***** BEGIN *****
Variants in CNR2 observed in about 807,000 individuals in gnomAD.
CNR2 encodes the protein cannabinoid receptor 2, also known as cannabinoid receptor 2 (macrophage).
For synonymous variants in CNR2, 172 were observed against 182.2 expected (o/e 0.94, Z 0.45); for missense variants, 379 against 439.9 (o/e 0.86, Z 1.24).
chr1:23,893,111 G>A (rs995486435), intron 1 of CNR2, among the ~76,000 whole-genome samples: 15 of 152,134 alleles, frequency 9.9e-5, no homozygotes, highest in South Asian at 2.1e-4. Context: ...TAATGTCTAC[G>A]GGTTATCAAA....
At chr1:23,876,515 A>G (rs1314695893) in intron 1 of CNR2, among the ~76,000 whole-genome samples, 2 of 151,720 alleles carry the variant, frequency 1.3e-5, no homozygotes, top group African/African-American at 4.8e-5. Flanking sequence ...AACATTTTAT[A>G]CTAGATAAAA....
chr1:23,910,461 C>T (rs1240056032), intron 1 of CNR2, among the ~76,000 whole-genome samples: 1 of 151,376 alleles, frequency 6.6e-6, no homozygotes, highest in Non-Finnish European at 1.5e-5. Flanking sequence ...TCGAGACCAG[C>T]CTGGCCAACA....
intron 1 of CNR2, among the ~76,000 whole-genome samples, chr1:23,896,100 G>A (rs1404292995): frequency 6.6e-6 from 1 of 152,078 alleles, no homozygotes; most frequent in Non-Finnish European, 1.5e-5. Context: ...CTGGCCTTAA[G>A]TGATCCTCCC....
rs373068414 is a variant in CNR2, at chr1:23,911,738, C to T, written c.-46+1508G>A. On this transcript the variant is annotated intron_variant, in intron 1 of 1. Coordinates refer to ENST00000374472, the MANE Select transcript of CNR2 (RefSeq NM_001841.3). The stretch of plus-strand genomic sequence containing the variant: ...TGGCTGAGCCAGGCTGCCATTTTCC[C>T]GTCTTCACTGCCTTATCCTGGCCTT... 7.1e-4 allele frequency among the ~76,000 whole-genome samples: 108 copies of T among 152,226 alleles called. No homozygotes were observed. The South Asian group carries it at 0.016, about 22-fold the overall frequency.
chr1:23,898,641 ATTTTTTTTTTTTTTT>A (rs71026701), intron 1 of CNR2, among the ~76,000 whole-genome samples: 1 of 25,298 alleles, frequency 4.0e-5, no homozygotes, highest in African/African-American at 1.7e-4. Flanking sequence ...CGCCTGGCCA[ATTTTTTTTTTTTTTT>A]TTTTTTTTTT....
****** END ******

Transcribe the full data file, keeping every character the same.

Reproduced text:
Variants in CNR2 observed in about 807,000 individuals in gnomAD.
CNR2 encodes the protein cannabinoid receptor 2, also known as cannabinoid receptor 2 (macrophage).
For synonymous variants in CNR2, 172 were observed against 182.2 expected (o/e 0.94, Z 0.45); for missense variants, 379 against 439.9 (o/e 0.86, Z 1.24).
chr1:23,893,111 G>A (rs995486435), intron 1 of CNR2, among the ~76,000 whole-genome samples: 15 of 152,134 alleles, frequency 9.9e-5, no homozygotes, highest in South Asian at 2.1e-4. Context: ...TAATGTCTAC[G>A]GGTTATCAAA....
At chr1:23,876,515 A>G (rs1314695893) in intron 1 of CNR2, among the ~76,000 whole-genome samples, 2 of 151,720 alleles carry the variant, frequency 1.3e-5, no homozygotes, top group African/African-American at 4.8e-5. Flanking sequence ...AACATTTTAT[A>G]CTAGATAAAA....
chr1:23,910,461 C>T (rs1240056032), intron 1 of CNR2, among the ~76,000 whole-genome samples: 1 of 151,376 alleles, frequency 6.6e-6, no homozygotes, highest in Non-Finnish European at 1.5e-5. Flanking sequence ...TCGAGACCAG[C>T]CTGGCCAACA....
intron 1 of CNR2, among the ~76,000 whole-genome samples, chr1:23,896,100 G>A (rs1404292995): frequency 6.6e-6 from 1 of 152,078 alleles, no homozygotes; most frequent in Non-Finnish European, 1.5e-5. Context: ...CTGGCCTTAA[G>A]TGATCCTCCC....
rs373068414 is a variant in CNR2, at chr1:23,911,738, C to T, written c.-46+1508G>A. On this transcript the variant is annotated intron_variant, in intron 1 of 1. Coordinates refer to ENST00000374472, the MANE Select transcript of CNR2 (RefSeq NM_001841.3). The stretch of plus-strand genomic sequence containing the variant: ...TGGCTGAGCCAGGCTGCCATTTTCC[C>T]GTCTTCACTGCCTTATCCTGGCCTT... 7.1e-4 allele frequency among the ~76,000 whole-genome samples: 108 copies of T among 152,226 alleles called. No homozygotes were observed. The South Asian group carries it at 0.016, about 22-fold the overall frequency.
chr1:23,898,641 ATTTTTTTTTTTTTTT>A (rs71026701), intron 1 of CNR2, among the ~76,000 whole-genome samples: 1 of 25,298 alleles, frequency 4.0e-5, no homozygotes, highest in African/African-American at 1.7e-4. Flanking sequence ...CGCCTGGCCA[ATTTTTTTTTTTTTTT>A]TTTTTTTTTT....